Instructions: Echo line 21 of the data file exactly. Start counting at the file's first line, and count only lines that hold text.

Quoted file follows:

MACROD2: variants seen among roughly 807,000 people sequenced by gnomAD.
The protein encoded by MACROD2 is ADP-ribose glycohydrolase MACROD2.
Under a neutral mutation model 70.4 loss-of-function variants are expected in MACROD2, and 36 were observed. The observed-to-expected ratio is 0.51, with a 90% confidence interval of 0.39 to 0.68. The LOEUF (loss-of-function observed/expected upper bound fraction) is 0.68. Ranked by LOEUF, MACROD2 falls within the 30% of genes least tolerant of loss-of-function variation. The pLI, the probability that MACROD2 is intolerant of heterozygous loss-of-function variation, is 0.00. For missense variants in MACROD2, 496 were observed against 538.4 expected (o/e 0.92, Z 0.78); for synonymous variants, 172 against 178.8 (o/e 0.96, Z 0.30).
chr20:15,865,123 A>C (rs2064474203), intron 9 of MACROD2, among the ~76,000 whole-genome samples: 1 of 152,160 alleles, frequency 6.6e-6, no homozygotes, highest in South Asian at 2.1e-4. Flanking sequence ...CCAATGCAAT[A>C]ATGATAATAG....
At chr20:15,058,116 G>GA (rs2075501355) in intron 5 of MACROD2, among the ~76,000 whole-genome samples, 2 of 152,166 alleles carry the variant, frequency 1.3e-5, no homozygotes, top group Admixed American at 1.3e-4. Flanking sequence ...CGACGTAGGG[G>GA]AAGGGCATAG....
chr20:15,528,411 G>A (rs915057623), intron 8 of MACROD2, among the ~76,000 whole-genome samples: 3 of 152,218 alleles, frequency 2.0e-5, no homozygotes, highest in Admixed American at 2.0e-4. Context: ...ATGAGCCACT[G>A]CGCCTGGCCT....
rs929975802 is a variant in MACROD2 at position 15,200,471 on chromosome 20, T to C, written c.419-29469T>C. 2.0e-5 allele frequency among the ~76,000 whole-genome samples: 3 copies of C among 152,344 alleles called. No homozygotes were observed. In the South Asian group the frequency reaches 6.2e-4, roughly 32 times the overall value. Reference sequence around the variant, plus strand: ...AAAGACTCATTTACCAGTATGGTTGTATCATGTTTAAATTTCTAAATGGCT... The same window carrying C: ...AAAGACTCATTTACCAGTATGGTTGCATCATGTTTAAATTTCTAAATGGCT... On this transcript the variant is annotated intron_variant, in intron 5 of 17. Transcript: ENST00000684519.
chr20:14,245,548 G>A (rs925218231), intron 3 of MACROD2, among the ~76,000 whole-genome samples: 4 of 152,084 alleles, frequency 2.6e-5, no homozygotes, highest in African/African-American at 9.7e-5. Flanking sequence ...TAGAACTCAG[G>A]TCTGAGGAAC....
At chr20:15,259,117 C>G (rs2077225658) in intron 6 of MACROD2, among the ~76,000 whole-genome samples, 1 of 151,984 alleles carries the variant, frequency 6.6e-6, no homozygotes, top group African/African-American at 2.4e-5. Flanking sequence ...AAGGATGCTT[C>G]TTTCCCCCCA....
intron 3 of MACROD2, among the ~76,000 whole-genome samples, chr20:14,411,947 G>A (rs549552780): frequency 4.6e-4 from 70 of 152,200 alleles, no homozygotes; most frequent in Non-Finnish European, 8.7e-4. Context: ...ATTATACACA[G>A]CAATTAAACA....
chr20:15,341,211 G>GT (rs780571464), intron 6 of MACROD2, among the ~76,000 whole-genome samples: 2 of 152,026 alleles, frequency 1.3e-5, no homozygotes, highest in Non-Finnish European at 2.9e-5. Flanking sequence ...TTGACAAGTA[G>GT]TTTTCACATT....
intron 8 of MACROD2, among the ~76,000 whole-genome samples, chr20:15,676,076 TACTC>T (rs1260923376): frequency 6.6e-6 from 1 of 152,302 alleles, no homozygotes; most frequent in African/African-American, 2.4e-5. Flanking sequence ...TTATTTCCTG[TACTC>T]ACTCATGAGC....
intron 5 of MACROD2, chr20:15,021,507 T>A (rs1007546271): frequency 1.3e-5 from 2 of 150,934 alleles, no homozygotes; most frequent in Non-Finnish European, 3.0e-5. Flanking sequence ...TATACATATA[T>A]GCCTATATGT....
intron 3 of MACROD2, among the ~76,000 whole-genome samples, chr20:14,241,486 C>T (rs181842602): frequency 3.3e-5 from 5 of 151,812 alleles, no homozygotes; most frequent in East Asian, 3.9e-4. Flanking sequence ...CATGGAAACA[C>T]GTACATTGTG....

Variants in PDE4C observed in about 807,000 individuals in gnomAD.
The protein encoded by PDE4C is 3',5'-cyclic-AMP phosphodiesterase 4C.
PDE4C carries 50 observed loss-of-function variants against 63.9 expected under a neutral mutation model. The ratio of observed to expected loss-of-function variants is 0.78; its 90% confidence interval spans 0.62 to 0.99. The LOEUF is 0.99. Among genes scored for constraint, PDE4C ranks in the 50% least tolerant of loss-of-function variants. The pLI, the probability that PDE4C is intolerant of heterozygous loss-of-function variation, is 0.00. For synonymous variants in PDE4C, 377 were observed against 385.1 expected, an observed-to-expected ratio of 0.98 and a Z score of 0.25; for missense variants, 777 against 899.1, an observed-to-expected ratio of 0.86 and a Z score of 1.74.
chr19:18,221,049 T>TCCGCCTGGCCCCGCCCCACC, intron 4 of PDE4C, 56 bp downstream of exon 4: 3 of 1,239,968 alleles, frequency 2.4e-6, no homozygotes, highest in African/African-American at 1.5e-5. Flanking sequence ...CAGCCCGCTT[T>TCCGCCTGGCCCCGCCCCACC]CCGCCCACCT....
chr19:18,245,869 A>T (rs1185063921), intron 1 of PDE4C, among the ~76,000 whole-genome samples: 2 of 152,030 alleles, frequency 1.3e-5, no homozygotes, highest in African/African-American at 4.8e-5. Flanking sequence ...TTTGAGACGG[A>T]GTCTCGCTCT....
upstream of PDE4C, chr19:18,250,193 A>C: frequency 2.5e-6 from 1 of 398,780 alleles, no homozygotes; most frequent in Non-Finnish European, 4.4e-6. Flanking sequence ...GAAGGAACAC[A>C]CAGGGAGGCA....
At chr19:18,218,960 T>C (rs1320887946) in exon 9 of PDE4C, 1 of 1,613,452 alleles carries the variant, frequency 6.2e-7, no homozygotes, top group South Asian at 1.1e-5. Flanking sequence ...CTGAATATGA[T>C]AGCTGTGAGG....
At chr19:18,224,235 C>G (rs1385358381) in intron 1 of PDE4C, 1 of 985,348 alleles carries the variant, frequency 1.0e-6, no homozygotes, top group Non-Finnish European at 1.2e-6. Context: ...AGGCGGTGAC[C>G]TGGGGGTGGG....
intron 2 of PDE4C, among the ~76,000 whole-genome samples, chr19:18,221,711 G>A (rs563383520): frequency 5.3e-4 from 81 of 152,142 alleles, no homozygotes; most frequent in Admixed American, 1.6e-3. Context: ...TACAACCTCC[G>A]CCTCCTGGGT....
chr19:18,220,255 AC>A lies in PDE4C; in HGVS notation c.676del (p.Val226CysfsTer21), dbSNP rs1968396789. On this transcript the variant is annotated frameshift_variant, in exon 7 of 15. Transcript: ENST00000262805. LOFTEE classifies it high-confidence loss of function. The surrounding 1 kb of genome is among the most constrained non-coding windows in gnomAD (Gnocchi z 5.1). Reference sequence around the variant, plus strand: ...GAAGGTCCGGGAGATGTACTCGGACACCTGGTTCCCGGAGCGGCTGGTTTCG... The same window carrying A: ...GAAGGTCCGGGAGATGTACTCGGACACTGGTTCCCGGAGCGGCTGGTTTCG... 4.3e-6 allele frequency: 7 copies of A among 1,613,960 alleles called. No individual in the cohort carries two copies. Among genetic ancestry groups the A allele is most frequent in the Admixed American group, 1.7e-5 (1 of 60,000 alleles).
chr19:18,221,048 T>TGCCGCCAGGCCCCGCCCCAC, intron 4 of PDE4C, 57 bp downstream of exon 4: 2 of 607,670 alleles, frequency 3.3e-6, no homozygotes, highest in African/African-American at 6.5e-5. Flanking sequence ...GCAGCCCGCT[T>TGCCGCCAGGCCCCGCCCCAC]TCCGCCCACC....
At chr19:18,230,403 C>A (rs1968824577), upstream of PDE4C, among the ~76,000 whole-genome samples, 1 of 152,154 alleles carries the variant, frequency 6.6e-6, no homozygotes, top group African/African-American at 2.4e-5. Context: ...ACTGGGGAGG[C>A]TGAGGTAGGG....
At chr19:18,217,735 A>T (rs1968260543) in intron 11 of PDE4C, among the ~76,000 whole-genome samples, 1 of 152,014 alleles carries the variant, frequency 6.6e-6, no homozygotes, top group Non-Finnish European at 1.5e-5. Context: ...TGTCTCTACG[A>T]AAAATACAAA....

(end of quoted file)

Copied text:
At chr19:18,218,960 T>C (rs1320887946) in exon 9 of PDE4C, 1 of 1,613,452 alleles carries the variant, frequency 6.2e-7, no homozygotes, top group South Asian at 1.1e-5. Flanking sequence ...CTGAATATGA[T>C]AGCTGTGAGG....